Can an institution lose its Accreditation?

The grant of NEASC Accreditation is not a permanent status; it may be withdrawn. Accreditation is a grant made initially by the Association’s Board of Trustees and reaffirmed periodically by the appropriate Commission through its own Standards of Accreditation, policies, and procedures. Membership in the Association is dependent upon an institution’s ability to remain in substantial alignment with its Commission’s Standards and by demonstrating continued capacity for self-improvement.

Member institutions are reappraised on a cycle managed by each Commission and are expected to design a process to implement recommendations resulting from those evaluations or subsequent special progress reviews and/or focused visits. If appropriate action is not taken to respond to those recommendations within the amount of time required by its Commission, a member institution will be placed on warning or probation for a reasonable but limited period. Unless corrective measures are taken during this second interval, the institution's membership may be ended.

Probation and loss of accreditation are public adverse actions. Opportunity is provided for appeal of any adverse action against an institution.

Does NEASC accreditation include online programs and branch campuses?

Yes. NEASC is an institutional accreditor, so it accredits the institution as a whole, including all programs at all locations, as well as those offered online.

Does NEASC Accredit Early Childhood programs?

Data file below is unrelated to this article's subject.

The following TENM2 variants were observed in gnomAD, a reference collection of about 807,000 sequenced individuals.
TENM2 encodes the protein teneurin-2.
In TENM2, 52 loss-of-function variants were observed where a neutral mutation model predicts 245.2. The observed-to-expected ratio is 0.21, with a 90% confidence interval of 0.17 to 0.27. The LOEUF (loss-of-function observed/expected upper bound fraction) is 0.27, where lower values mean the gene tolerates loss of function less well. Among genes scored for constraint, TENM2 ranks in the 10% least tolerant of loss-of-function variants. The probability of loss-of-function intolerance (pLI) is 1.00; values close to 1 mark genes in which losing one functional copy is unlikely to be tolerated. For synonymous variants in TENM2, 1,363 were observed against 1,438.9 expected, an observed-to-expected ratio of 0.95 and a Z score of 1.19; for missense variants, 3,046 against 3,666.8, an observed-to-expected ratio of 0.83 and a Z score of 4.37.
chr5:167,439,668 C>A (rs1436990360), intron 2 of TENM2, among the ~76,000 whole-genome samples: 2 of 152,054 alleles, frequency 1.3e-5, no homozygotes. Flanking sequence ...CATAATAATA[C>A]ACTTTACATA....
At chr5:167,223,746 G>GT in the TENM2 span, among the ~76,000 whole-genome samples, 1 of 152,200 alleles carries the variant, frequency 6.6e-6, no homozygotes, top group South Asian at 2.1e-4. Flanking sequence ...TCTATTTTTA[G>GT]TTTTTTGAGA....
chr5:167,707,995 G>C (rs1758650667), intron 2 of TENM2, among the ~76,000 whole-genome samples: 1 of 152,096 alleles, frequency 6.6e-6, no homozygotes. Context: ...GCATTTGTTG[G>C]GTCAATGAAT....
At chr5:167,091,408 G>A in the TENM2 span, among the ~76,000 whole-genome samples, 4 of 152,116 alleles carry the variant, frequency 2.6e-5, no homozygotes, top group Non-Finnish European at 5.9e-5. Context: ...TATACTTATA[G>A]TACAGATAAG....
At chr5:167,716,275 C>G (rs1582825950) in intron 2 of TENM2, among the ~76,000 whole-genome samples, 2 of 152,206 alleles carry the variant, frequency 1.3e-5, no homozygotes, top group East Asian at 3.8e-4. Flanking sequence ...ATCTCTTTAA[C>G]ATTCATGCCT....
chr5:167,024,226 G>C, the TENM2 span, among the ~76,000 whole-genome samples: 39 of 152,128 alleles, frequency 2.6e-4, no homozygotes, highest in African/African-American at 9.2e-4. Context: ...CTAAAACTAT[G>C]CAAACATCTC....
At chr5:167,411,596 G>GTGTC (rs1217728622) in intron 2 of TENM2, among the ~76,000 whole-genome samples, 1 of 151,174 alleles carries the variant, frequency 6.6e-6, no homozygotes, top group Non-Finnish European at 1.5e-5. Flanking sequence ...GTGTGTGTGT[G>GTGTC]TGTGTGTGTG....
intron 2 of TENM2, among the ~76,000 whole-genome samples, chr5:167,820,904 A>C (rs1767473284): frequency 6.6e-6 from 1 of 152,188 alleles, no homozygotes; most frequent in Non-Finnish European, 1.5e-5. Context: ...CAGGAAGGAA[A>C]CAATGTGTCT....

No, NEASC does not accredit programs serving students below the age of three. Although NEASC is accrediting a wider range of schools than during its early years, the focus of the NEASC accreditation process is on the experience of students in preschool and older.

Some independent schools - accredited through the NEASC Commission on Independent Schools - which serve infants and/or toddlers have received joint accreditation with the American Montessori Society (AMS), have sought additional accreditation through the National Association for the Education of Young Children (NAEYC), or are licensed by the State. All of these options provide quality assurances for early childhood programs. We recognize that the governance and infrastructure of a school support all students regardless of age, and the school culture and climate facilitate the growth of all students regardless of age. We also acknowledge that there are programmatic and health and safety considerations which are best overseen by either AMS, NAEYC, and/or State Early Childhood Departments. The NEASC Commission on Independent Schools requires schools which serve children below the age of three to demonstrate compliance with state standards and state mandates for early childhood programs, and encourages these schools to additionally work with an agency which specifically focuses on early childhood programs.